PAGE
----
Feed your dogs right.


What kind of vegetables can I feed my dog?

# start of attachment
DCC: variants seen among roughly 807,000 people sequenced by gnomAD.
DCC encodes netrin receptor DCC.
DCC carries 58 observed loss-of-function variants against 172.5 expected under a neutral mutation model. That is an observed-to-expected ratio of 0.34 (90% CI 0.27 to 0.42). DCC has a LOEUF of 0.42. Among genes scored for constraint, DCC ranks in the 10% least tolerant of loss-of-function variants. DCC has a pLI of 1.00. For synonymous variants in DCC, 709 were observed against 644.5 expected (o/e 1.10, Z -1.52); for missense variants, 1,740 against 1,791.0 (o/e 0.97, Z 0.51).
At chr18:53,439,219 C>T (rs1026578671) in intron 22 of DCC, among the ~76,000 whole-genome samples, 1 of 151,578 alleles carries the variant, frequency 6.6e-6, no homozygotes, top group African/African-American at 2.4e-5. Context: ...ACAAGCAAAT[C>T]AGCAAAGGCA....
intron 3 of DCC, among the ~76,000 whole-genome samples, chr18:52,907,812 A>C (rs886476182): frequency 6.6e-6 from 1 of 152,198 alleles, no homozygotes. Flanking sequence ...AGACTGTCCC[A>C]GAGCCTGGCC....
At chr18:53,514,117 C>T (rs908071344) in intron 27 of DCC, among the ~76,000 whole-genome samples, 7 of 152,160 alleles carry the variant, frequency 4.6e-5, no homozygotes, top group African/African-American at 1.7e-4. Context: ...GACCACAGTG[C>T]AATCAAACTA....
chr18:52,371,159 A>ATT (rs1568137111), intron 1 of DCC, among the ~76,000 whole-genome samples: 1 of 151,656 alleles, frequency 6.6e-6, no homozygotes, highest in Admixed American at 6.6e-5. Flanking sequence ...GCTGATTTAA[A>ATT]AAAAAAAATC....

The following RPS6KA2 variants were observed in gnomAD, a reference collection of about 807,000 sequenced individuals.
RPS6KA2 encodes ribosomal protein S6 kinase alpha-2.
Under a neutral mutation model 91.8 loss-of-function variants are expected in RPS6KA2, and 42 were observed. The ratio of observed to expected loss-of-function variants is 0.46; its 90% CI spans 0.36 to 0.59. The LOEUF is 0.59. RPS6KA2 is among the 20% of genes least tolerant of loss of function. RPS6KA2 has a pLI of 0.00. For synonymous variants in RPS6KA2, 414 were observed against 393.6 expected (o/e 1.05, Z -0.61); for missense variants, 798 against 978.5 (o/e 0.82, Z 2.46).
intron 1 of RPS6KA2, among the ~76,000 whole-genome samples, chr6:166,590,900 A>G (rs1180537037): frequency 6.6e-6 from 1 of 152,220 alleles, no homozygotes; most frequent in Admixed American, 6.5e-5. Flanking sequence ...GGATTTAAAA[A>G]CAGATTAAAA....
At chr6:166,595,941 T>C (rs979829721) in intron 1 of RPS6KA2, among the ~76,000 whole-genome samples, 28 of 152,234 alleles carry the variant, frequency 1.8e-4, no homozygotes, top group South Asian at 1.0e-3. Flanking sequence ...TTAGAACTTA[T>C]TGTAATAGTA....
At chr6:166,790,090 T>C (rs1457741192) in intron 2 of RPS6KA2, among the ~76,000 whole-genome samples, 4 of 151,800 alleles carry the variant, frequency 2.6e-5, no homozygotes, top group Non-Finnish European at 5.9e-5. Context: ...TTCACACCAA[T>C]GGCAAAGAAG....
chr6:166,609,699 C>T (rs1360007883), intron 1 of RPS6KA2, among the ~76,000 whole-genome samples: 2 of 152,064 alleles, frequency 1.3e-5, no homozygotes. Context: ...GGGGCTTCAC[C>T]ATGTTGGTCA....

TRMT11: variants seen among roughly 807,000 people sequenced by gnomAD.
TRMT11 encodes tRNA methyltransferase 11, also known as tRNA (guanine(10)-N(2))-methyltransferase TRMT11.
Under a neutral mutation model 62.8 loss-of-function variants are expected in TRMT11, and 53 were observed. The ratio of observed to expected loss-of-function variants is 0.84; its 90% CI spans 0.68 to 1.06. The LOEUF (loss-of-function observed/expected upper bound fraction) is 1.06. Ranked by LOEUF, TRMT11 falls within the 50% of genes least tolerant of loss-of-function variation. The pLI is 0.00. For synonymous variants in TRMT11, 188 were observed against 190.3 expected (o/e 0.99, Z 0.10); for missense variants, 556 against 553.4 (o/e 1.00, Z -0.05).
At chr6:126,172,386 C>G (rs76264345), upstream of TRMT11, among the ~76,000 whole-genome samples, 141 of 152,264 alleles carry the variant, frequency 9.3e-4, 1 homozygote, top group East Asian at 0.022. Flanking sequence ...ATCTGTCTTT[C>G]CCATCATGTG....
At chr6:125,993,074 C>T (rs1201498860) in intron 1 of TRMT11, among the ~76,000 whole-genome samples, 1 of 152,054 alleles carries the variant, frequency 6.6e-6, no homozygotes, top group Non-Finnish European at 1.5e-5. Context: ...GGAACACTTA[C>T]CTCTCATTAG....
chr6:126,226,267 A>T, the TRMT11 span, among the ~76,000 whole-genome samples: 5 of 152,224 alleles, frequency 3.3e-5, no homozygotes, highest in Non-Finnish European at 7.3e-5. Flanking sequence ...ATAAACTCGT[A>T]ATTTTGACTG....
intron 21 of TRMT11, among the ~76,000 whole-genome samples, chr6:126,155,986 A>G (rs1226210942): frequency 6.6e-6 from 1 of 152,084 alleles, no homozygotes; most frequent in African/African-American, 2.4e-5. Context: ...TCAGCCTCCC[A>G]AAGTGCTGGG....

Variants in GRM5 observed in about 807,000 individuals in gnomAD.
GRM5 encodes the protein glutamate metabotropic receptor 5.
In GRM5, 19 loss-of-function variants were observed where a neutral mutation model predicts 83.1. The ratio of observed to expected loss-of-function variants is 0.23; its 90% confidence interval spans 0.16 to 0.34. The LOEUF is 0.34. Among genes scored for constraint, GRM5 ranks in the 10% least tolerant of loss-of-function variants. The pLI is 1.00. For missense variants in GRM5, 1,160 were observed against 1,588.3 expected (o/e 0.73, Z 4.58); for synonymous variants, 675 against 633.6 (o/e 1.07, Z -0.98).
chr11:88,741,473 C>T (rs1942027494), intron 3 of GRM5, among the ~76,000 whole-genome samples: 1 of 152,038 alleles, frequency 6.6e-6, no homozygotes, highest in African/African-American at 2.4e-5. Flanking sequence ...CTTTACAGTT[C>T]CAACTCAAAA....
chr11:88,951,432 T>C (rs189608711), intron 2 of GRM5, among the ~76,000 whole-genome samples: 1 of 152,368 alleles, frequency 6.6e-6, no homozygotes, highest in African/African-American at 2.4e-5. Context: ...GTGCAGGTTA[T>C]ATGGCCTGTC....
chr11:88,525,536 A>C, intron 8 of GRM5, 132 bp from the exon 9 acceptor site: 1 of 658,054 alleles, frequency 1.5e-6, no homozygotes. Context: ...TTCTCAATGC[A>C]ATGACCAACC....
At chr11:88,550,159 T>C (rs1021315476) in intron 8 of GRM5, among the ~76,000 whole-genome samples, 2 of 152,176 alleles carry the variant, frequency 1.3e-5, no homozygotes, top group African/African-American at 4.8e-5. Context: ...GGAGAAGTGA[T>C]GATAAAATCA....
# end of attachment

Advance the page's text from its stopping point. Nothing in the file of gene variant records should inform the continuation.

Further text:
All carnivores eat vegetables. Nature has found a solution that is not too elegant, but effective enough to allow wild carnivores, whose digestive system is poorly adapted to the digestion of coarse fiber, to consume the right amount of plant food. They get it in fermented form by eating the semi-digested contents of the stomachs of their prey herbivores and rodents.<br> <br> Dogs, by the way, are not wild carnivores, and therefore attempts to pull the wolf food scheme on them look especially ridiculous. For tens of thousands of years of co-evolution with humans, their bodies have seriously adapted to our nutritional habits: how could it be otherwise, if the main diet of domesticated canines was ... scraps from the table, slop and the contents of cesspools.<br> <br> Phytoncides contained in vegetables enhance the digestive glands, contributing to better digestion of all other food. Fiber stimulates intestinal motility, creates a feeling of fullness, and removes cholesterol, while pectins absorb harmful substances, reduce putrefactive processes and accelerate the healing of mucous membranes.<br> <br> Long-term deficiency of dietary fiber inevitably leads to serious intestinal disorders, becoming one of the causes of hemorrhoids, the growth of polyps, and the development of cancer. The lack of vegetables in the diet, experts say, is one of the risk factors in the development of atherosclerosis, diabetes, and cholelithiasis.<br> <br> Vegetables and greens give dogs vitamins, minerals, and readily soluble sugars. Plant foods are low in fat and relatively low in calories, but they contain plenty of physiologically bound water. Minerals enable water to be quickly eliminated from the body, effectively removing metabolic by-products.<br> <h2>Vegetables should provide 8-10% of a dog's daily caloric intake</h2> The choice of plant foods that may be suitable for feeding dogs is quite wide. The list of vegetables most available in our latitudes includes potatoes (including sweet potatoes), cabbage, carrots, beets, rutabagas, turnips, leaf lettuce, sorrel, spinach, carrot, and beet tops, cereal greens, and gourds such as zucchini and pumpkins.<br> <br> Potatoes have the greatest energy value. Potatoes can be served in soup or mashed, bearing in mind that cooked potatoes sour quickly. Potatoes do not have a lot of fiber, but they have enough digestible carbohydrates, so potatoes can completely replace cereals.<br> <br> Cabbage, carrots, and beets make a great dressing for a thick dog soup. Cabbage is a source of vitamins C and K and can be used both fresh and fermented. Carrots are known to be rich in carotenes and beets are high in sugar and pectin. Among other things, beets and cabbage activate digestion, favorably affecting intestinal microflora.<br> <br> Pumpkin is good because it retains its beneficial properties even after heat treatment. It contains several times more carotene than carrots and vitamin E, which is good for the heart. Pumpkin can be used as a dressing for thick soups and porridges and as a separate dish: pumpkin puree with yogurt is useful for dogs with stomach diseases.<br> <br> Leaf lettuce, spinach, carrot, and beet tops can be given without heat treatment. Greens just need to be washed properly, finely chopped, and mixed into the gruel just before you put the bowl in the dog's bowl. Even young fresh nettles can be used as a supplement in the spring by chopping and steeping them in hot water.<br> <br> The approximate daily intake of vegetables (not including potatoes) for an adult dog is 80-100 grams, potatoes 100-200 grams, depending on the size of the animal. For dietary nutrition, vegetables can be mashed and separately stewed in milk or sour cream, and to the daily porridge, it's enough to add them immediately after finishing boiling and to simmer while the pot cools down.<br> <br> If you decide to feed your dog natural food, treat his stomach with respect. A dog is not a slop disposer like he used to be. The vegetables must be of good quality, that is, fresh, without mold and foreign odors. I don't want to remind you of the importance of good nutrition. It's perfectly obvious: Just feed your dog so he doesn't look ashamed of his bowl.<br> <br> Feed your dogs right.<br>